I finally finished a thriller/mystery/procedural - whatever they’re called these days. It’s a genre with a lot of different categories now. It took me a while to read Peter Robinson’s A Dedicated Man, because I read it only when I pedalled on the stationary bicycle - the one with a chair so I can sit and hold a book to read - in the gym and I don’t get down there every day (late afternoon). Maybe that’s why I didn’t enjoy it very much; it didn’t grip me. There were too many intervals between my reading sessions. I think it was too cosy. Not that I like violence but nothing else held my attention. I’m going to try another Linwood Barclay next. This Canadian writer used to be a columnist for the Toronto Star and came to the thriller/whatever genre relatively late in his career- very successfully. Talk about second trajectory!
i read Dora Bruder, University of California Press, translated into English by Joanna Kilmartin only after it had won for its French author, Patrick Modiano, the Nobel Prize for Literature, 2014. The book was given to me by a friend whose choices i usually enjoy. Not this one, though I can see why he liked it. it reads like a detective novel as the first person narrator (I guess it’s Modiano) investigates the life and death of a young Jewish girl whose name he came across in an old (1941) missing persons notice.His father refused to wear the yellow star and managed to escape Auschwitz; Dora Bruder was not so fortunate. Modiano is compulsive in his tracking of the girl and in imagining or trying to recreate the life she must have lived. His detailed re-creation at times reads like a GPS, or something like it and tells me more about the streets of Paris than I can possibly remember (or care to know). I can understand his obsession in a way because I was similarly hooked by some of the diarists I read that I couldn’t let go of. I wrote a book of poetry in the form of dramatic monologues about the ones who kept on speaking to me.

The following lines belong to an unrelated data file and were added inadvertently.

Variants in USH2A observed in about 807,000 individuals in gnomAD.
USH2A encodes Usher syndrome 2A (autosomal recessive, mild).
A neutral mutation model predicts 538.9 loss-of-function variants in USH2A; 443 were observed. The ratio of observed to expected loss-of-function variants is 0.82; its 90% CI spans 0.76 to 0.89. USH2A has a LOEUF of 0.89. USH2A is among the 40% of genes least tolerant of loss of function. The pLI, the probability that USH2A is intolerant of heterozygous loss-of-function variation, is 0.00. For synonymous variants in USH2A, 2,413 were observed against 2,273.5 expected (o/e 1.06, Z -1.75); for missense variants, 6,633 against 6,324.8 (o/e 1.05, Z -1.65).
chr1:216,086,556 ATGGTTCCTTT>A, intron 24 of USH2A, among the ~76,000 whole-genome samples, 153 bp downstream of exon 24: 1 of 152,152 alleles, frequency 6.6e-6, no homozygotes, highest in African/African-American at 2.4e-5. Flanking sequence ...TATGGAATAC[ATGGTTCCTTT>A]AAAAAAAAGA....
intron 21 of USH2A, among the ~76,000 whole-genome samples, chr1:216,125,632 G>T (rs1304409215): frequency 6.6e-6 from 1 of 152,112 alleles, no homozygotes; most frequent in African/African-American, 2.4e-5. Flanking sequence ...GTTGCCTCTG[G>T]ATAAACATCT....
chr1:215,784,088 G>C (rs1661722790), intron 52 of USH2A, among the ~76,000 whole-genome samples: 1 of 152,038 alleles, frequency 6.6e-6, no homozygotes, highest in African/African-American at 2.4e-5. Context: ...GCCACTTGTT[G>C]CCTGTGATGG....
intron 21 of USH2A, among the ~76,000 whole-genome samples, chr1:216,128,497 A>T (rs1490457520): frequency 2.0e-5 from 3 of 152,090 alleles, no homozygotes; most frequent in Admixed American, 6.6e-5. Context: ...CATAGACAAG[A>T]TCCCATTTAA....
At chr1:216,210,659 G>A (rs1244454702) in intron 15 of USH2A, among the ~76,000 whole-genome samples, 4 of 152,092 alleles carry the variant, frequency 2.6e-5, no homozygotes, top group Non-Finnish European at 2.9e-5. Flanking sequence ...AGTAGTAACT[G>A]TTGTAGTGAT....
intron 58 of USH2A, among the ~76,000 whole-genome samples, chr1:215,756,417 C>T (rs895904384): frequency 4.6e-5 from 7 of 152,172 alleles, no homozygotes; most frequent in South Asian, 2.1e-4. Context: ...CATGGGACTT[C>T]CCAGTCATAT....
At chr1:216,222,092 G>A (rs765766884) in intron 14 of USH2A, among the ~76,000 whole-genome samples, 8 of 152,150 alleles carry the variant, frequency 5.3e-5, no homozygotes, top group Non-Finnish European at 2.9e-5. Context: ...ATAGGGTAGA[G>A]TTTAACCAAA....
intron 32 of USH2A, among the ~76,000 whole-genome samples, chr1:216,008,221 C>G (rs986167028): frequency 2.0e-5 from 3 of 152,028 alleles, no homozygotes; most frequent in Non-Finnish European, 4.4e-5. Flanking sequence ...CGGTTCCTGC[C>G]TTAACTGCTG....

I looked up Modiano after I read the book. I recognized some events in his life from descriptions of them happening to him, or the narrator, in Bruder. From Wikipedia:
“Modiano's novels all delve into the puzzle of identity, and of trying to track evidence of existence through the traces of the past. Obsessed with the troubled and shameful period of the Occupation—during which his father had allegedly engaged in shady dealings—Modiano returns to this theme in all of his novels, book after book building a remarkably homogeneous work. ‘After each novel, I have the impression that I have cleared it all away,’ he says. ‘But I know I'll come back over and over again to tiny details, little things that are part of what I am.’
NOTE THIS: “In the end, we are all determined by the place and the time in which we were born.’”